Austintown man’s plea brings objection
The parties disagree on whether he was clearly informed of his plea options.
By MICHELE C. HLADIK
COLUMBUS — Joseph Jones of Austintown didn’t understand the ramifications of pleading guilty to domestic violence, and all plea options were not explained, his lawyer told the Ohio Supreme Court on Tuesday.
“This is a straightforward case of the complete failure of the trial court,” said Cleveland Attorney Brent L. English to the high court. English represented Jones during oral arguments.
He said there are rules the trial courts must follow, and the trial court failed to explain all of Jones’ options, including the ability and ramifications of pleading “no contest.”
In 2004, Jones was charged with three counts of domestic violence after being accused of beating his fiancee’s three children. Jones originally pleaded innocent, but later agreed to plead guilty to one count in exchange for the dismissal of the other two counts.
Sentenced to serve 180 days with 170 days suspended, Jones was also ordered to pay a $150 fine and court costs, attend anger management classes, receive a psychological evaluation and attend counseling, if deemed necessary by the evaluation.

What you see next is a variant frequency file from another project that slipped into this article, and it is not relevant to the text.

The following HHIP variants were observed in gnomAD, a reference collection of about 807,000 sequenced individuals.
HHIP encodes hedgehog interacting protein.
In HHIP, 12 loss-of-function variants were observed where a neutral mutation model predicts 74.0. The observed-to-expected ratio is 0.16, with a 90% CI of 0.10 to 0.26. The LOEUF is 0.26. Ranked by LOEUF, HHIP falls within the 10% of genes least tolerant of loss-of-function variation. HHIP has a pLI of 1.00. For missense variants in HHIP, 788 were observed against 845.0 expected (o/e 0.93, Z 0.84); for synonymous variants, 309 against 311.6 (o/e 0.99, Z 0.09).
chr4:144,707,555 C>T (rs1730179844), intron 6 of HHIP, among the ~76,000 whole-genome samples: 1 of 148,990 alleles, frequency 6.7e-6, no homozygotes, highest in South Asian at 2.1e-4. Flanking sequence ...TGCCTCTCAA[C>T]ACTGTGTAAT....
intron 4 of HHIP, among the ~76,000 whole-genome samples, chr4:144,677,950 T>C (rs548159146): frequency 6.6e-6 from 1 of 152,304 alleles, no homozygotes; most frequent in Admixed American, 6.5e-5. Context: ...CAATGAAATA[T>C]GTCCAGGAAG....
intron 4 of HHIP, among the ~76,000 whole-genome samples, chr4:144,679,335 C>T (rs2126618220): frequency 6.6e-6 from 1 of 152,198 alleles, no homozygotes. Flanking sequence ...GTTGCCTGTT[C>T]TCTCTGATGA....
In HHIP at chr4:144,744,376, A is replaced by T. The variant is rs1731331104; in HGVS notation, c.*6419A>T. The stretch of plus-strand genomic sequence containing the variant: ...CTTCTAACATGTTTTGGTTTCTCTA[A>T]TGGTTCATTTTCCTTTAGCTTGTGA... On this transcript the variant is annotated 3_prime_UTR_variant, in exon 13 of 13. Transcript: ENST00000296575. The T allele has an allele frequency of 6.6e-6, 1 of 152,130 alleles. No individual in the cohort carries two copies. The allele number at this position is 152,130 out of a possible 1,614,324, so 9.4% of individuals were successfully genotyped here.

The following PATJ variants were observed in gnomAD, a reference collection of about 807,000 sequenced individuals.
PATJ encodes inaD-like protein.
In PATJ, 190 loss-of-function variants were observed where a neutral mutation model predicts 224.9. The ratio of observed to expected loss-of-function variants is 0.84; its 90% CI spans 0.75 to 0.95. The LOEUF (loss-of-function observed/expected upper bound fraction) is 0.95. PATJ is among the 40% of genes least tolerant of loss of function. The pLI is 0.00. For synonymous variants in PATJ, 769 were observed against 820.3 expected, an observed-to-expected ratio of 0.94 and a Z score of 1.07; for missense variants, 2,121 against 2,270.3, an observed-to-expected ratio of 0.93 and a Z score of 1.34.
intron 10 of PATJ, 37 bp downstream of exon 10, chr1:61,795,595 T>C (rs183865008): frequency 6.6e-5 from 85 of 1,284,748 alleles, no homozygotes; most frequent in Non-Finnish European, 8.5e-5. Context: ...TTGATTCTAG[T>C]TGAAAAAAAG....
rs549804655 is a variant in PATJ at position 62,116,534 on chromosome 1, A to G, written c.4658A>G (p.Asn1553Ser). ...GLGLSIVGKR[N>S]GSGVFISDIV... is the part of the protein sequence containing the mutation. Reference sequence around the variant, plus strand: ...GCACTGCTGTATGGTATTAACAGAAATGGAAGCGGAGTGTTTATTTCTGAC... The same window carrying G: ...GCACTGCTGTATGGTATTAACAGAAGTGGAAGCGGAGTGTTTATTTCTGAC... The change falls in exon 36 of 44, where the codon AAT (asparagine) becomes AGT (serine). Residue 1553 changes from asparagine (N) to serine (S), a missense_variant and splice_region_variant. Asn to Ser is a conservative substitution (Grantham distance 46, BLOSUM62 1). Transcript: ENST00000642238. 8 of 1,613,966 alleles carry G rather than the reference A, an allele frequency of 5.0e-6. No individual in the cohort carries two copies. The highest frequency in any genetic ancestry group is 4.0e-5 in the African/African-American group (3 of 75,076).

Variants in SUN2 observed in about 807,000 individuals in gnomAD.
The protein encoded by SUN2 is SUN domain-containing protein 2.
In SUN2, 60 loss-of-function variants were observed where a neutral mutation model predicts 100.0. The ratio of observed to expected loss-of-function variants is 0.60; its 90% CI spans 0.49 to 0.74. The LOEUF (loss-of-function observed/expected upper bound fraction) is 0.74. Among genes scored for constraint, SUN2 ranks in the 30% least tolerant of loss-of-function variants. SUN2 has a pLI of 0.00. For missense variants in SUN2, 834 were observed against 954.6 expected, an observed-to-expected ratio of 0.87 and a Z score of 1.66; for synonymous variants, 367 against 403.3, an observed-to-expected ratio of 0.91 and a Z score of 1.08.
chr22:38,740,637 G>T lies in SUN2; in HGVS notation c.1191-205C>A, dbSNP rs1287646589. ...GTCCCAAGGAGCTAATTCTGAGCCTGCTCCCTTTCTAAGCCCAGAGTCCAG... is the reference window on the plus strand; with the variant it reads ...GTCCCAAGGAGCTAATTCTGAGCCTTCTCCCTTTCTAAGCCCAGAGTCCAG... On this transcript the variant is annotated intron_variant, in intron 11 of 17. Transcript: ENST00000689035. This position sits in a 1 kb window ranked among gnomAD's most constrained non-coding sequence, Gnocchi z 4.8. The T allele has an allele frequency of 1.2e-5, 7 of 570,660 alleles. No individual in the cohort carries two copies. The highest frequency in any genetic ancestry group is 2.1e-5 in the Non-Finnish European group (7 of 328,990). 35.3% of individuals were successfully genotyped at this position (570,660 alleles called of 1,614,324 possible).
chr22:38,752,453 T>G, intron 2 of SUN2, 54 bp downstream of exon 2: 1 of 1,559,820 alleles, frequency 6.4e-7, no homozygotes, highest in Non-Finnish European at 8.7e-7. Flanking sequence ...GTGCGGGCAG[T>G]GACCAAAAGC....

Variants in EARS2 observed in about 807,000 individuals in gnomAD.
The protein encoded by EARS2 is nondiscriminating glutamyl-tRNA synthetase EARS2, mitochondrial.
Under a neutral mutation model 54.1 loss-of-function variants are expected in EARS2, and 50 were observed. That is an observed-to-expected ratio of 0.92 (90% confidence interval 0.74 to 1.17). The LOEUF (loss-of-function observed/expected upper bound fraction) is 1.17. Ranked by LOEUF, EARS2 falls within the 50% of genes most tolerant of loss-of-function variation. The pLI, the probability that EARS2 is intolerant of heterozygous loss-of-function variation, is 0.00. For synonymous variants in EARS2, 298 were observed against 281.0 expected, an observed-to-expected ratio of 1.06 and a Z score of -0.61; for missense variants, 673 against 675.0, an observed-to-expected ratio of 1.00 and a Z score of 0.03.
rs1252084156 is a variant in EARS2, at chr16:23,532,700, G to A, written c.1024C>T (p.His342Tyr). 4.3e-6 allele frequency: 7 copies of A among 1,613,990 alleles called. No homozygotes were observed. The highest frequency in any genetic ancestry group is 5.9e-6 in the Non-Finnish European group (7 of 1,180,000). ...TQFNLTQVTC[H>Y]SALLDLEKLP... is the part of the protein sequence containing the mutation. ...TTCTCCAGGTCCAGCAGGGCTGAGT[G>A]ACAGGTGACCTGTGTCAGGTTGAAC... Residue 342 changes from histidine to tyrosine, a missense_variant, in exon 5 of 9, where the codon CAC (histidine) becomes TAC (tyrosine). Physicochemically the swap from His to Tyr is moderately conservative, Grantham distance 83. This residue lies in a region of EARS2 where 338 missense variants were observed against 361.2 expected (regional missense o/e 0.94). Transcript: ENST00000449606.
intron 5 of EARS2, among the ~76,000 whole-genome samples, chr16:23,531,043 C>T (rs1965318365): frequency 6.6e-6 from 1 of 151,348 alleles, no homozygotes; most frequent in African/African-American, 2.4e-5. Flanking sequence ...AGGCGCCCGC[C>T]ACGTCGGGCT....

Jones later tried to withdraw his guilty plea. The trial court denied the motion, and Jones took the case to the 7th District Court of Appeals. The appellate court reversed the trial court’s decision and allowed Jones to withdraw his plea and ordered the case would be decided in a trial.
Dispute about a form
Assistant Mahoning County Prosecutor Rhys B. Cartwright-Jones and Assistant Attorney General Henry Appel represented the state on the matter.
Cartwright-Jones said a plea form was used in this case and the no-contest plea was clearly on the form.
Appel said Jones never asked about the no-contest plea option or report that his attorney had never explained it.
English argued the form simply listed plea options and did not explain each of those options. He said Jones could not question it if he was not aware it was available, and the judge in the case should have verbally informed him of each option.
According to Cartwright-Jones, a no-contest plea would have violated a plea agreement with the prosecution on the case.
The high court has taken the matter under advisement. It didn’t say when it would rule.